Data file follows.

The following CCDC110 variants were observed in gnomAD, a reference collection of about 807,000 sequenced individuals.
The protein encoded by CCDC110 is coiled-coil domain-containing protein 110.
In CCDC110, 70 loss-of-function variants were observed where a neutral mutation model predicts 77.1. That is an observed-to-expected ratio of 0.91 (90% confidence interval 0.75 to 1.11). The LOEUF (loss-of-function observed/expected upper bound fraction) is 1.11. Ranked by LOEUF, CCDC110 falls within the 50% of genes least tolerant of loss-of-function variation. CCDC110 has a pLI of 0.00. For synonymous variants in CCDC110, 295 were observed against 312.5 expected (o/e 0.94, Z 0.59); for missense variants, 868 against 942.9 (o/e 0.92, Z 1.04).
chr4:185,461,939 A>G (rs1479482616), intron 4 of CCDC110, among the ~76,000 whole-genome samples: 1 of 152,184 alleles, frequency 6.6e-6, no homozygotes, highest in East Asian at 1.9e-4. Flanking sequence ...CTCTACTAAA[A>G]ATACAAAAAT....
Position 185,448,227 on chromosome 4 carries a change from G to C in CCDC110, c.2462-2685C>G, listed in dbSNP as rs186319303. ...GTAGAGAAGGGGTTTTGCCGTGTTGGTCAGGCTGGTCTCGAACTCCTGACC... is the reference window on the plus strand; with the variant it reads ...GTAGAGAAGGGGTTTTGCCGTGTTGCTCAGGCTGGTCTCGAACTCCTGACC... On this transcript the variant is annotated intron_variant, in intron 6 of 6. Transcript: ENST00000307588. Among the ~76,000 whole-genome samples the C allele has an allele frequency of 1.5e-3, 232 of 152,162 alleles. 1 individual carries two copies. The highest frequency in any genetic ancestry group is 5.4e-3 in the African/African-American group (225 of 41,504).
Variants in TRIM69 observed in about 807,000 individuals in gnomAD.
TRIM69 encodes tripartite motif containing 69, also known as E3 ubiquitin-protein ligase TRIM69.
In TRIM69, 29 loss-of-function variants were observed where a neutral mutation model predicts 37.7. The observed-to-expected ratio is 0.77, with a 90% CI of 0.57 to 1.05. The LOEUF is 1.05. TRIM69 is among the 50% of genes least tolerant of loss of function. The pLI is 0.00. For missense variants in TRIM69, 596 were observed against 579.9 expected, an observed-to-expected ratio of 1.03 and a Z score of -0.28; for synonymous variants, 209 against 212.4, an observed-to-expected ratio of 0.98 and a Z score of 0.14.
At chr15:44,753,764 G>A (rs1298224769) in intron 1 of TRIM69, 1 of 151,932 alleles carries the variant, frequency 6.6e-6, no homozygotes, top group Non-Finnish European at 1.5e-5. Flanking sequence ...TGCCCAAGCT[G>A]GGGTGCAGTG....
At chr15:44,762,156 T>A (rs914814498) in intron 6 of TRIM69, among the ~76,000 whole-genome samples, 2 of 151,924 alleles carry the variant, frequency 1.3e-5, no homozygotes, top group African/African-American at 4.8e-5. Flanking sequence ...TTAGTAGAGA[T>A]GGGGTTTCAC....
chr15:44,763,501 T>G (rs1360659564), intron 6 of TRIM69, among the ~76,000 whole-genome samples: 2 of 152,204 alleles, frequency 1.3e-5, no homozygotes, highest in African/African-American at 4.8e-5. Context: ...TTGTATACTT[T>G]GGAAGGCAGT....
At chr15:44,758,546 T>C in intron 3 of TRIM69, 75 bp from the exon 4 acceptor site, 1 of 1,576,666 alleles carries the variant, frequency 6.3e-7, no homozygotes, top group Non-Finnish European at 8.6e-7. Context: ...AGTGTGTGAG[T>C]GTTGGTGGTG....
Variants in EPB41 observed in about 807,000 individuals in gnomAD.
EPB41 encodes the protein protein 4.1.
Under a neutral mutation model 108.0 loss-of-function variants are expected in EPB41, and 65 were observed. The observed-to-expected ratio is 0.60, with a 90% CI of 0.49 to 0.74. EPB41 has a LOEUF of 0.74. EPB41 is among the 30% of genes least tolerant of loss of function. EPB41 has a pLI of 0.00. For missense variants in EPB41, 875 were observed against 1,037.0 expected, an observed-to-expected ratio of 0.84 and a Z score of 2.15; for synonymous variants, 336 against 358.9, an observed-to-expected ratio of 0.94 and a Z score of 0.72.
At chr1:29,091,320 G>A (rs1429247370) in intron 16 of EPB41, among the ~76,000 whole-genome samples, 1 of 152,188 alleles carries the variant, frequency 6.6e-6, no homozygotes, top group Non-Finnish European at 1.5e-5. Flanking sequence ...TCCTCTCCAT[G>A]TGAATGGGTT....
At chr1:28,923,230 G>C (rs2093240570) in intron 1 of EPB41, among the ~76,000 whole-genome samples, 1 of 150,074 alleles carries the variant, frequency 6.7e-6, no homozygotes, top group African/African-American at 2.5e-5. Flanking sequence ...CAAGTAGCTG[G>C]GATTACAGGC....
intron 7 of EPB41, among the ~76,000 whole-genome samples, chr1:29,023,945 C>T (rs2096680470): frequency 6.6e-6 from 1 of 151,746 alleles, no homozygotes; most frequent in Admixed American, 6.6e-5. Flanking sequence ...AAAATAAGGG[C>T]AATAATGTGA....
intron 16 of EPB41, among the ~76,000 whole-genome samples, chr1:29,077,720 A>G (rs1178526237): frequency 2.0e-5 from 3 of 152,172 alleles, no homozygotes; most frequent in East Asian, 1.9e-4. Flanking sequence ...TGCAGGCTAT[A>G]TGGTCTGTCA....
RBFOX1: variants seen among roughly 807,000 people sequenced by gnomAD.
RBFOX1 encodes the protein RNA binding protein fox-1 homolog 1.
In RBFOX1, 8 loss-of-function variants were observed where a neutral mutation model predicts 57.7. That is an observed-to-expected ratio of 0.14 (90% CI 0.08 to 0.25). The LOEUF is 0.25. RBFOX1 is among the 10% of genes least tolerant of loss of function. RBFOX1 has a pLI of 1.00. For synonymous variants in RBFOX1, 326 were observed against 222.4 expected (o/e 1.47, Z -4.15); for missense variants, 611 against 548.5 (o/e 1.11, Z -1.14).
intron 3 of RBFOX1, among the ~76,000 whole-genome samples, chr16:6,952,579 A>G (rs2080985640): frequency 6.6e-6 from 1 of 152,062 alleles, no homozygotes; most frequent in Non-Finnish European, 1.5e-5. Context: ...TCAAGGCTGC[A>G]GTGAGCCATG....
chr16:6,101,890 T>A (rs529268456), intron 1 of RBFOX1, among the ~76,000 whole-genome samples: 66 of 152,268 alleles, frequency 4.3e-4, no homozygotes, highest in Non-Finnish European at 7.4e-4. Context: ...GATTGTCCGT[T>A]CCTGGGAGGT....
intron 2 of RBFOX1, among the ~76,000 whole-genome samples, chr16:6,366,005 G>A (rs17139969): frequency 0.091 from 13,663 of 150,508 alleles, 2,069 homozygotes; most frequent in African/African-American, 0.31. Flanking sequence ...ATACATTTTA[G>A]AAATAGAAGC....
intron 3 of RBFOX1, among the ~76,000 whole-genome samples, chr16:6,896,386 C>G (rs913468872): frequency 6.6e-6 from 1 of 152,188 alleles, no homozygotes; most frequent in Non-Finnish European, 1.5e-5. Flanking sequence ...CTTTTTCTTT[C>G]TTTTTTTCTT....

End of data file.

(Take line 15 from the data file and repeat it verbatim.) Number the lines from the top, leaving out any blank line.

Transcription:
Under a neutral mutation model 108.0 loss-of-function variants are expected in EPB41, and 65 were observed. The observed-to-expected ratio is 0.60, with a 90% CI of 0.49 to 0.74. EPB41 has a LOEUF of 0.74. EPB41 is among the 30% of genes least tolerant of loss of function. EPB41 has a pLI of 0.00. For missense variants in EPB41, 875 were observed against 1,037.0 expected, an observed-to-expected ratio of 0.84 and a Z score of 2.15; for synonymous variants, 336 against 358.9, an observed-to-expected ratio of 0.94 and a Z score of 0.72.